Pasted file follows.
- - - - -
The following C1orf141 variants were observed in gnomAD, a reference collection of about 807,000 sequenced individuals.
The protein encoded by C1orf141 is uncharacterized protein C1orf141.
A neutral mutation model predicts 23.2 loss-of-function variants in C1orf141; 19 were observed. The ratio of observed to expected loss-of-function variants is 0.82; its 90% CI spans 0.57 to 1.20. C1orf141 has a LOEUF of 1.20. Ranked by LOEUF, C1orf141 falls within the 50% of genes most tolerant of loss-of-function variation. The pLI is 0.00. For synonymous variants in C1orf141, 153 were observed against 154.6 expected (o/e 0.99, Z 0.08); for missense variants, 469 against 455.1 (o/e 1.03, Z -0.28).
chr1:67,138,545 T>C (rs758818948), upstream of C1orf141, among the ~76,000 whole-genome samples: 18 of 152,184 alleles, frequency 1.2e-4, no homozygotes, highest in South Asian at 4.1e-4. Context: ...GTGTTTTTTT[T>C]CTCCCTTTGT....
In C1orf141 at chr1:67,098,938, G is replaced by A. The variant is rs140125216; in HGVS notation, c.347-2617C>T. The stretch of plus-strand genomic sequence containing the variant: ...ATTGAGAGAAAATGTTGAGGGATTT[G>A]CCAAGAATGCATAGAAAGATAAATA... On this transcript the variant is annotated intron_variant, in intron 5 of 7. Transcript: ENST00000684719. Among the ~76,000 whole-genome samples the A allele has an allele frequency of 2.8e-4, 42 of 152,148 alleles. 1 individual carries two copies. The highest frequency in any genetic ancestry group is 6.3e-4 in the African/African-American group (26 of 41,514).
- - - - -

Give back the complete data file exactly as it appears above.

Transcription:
The following C1orf141 variants were observed in gnomAD, a reference collection of about 807,000 sequenced individuals.
The protein encoded by C1orf141 is uncharacterized protein C1orf141.
A neutral mutation model predicts 23.2 loss-of-function variants in C1orf141; 19 were observed. The ratio of observed to expected loss-of-function variants is 0.82; its 90% CI spans 0.57 to 1.20. C1orf141 has a LOEUF of 1.20. Ranked by LOEUF, C1orf141 falls within the 50% of genes most tolerant of loss-of-function variation. The pLI is 0.00. For synonymous variants in C1orf141, 153 were observed against 154.6 expected (o/e 0.99, Z 0.08); for missense variants, 469 against 455.1 (o/e 1.03, Z -0.28).
chr1:67,138,545 T>C (rs758818948), upstream of C1orf141, among the ~76,000 whole-genome samples: 18 of 152,184 alleles, frequency 1.2e-4, no homozygotes, highest in South Asian at 4.1e-4. Context: ...GTGTTTTTTT[T>C]CTCCCTTTGT....
In C1orf141 at chr1:67,098,938, G is replaced by A. The variant is rs140125216; in HGVS notation, c.347-2617C>T. The stretch of plus-strand genomic sequence containing the variant: ...ATTGAGAGAAAATGTTGAGGGATTT[G>A]CCAAGAATGCATAGAAAGATAAATA... On this transcript the variant is annotated intron_variant, in intron 5 of 7. Transcript: ENST00000684719. Among the ~76,000 whole-genome samples the A allele has an allele frequency of 2.8e-4, 42 of 152,148 alleles. 1 individual carries two copies. The highest frequency in any genetic ancestry group is 6.3e-4 in the African/African-American group (26 of 41,514).